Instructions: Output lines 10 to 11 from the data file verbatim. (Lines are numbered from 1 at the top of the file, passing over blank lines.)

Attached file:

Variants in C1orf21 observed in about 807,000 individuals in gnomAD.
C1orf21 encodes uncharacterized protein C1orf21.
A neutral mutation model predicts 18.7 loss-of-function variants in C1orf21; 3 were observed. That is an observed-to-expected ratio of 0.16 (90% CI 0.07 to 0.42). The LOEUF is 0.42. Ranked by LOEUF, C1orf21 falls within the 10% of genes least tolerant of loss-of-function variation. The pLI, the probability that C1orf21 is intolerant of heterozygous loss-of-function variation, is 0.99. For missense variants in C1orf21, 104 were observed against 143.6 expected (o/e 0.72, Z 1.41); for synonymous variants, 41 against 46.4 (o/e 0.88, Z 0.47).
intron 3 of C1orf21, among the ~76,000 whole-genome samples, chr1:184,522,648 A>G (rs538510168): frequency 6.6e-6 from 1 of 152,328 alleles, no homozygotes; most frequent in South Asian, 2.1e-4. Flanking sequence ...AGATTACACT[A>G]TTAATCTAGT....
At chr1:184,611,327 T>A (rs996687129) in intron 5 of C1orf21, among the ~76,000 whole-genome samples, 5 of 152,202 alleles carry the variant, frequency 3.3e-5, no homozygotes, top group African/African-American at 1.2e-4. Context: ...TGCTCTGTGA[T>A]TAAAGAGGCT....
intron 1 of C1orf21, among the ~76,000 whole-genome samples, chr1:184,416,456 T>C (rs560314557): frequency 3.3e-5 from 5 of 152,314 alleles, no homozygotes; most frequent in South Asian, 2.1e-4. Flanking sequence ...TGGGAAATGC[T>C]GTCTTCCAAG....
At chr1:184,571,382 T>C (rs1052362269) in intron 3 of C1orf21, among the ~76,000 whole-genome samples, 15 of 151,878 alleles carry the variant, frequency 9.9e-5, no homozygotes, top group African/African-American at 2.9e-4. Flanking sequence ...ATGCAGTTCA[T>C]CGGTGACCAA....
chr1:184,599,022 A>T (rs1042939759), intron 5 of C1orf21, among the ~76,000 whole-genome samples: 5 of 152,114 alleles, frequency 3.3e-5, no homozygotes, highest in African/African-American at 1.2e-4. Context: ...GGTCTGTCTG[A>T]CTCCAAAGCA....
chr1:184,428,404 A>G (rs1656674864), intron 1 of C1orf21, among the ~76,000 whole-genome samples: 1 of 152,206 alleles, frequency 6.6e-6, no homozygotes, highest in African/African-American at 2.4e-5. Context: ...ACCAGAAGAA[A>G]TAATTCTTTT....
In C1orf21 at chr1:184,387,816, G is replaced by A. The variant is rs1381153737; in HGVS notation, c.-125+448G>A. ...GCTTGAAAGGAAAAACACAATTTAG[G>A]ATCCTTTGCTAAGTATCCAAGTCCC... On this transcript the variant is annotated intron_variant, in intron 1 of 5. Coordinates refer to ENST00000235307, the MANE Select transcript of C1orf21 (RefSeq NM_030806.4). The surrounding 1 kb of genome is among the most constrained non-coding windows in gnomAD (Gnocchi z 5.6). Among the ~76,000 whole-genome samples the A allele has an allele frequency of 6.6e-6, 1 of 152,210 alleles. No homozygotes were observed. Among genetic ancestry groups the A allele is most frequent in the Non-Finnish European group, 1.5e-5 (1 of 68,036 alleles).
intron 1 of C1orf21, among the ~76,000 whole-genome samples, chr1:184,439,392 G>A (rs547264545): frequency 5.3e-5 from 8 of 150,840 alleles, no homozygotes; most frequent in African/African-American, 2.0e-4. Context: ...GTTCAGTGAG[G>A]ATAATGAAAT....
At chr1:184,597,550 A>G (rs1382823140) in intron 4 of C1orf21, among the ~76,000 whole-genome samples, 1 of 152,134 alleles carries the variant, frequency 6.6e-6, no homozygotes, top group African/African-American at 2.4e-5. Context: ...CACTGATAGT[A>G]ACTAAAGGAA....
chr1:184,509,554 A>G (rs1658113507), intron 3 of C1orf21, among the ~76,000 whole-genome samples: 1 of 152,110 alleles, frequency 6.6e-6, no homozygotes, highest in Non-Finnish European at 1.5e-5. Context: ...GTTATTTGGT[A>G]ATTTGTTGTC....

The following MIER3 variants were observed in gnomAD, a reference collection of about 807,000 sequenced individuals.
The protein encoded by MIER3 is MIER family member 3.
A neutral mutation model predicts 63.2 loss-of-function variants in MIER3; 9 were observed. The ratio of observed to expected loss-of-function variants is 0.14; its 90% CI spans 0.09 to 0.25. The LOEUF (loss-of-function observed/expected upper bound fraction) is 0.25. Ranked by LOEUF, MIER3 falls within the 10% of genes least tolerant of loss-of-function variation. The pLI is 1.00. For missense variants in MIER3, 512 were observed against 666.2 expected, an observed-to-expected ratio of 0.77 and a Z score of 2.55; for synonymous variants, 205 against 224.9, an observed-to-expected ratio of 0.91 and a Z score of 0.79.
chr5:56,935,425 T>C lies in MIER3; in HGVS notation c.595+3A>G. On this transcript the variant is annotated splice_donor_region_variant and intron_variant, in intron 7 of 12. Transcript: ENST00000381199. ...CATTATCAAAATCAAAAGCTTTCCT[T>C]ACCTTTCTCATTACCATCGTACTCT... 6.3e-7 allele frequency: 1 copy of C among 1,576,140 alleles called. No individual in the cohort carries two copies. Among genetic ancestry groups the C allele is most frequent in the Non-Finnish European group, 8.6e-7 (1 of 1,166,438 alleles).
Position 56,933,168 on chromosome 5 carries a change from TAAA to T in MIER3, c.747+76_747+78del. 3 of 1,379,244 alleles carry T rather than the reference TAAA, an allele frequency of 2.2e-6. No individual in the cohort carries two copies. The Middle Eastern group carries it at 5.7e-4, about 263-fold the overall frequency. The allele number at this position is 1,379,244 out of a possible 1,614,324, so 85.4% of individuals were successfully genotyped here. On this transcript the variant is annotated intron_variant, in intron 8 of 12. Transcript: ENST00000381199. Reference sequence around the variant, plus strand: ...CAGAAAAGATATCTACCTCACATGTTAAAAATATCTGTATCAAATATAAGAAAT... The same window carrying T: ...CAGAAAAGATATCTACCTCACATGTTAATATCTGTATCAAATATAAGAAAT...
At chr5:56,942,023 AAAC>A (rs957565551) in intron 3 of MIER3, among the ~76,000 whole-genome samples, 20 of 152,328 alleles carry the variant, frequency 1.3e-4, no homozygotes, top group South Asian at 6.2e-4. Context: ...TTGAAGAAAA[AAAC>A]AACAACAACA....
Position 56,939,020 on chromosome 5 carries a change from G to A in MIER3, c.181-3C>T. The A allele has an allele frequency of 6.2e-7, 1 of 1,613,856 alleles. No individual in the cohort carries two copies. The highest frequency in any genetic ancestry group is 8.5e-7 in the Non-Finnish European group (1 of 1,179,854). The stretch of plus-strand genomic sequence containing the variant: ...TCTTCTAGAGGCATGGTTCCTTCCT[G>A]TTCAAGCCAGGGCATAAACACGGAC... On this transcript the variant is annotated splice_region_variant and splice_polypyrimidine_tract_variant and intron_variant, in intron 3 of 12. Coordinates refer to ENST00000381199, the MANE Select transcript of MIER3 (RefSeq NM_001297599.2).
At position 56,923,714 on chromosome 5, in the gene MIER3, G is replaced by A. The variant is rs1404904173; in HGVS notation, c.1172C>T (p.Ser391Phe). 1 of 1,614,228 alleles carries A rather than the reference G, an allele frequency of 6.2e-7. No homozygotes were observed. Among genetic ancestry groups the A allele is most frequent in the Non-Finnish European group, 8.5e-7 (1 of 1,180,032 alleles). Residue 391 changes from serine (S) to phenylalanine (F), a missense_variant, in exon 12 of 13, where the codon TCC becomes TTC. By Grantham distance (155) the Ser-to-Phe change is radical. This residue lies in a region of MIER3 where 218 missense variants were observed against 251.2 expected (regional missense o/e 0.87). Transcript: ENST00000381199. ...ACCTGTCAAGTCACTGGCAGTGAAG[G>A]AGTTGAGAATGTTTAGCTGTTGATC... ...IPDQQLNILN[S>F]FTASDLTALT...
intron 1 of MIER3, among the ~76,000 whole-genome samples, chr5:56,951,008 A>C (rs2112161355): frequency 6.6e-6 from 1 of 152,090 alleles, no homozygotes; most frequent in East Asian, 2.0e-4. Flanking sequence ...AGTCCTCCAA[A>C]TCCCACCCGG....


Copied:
In C1orf21 at chr1:184,387,816, G is replaced by A. The variant is rs1381153737; in HGVS notation, c.-125+448G>A. ...GCTTGAAAGGAAAAACACAATTTAG[G>A]ATCCTTTGCTAAGTATCCAAGTCCC... On this transcript the variant is annotated intron_variant, in intron 1 of 5. Coordinates refer to ENST00000235307, the MANE Select transcript of C1orf21 (RefSeq NM_030806.4). The surrounding 1 kb of genome is among the most constrained non-coding windows in gnomAD (Gnocchi z 5.6). Among the ~76,000 whole-genome samples the A allele has an allele frequency of 6.6e-6, 1 of 152,210 alleles. No homozygotes were observed. Among genetic ancestry groups the A allele is most frequent in the Non-Finnish European group, 1.5e-5 (1 of 68,036 alleles).
intron 1 of C1orf21, among the ~76,000 whole-genome samples, chr1:184,439,392 G>A (rs547264545): frequency 5.3e-5 from 8 of 150,840 alleles, no homozygotes; most frequent in African/African-American, 2.0e-4. Context: ...GTTCAGTGAG[G>A]ATAATGAAAT....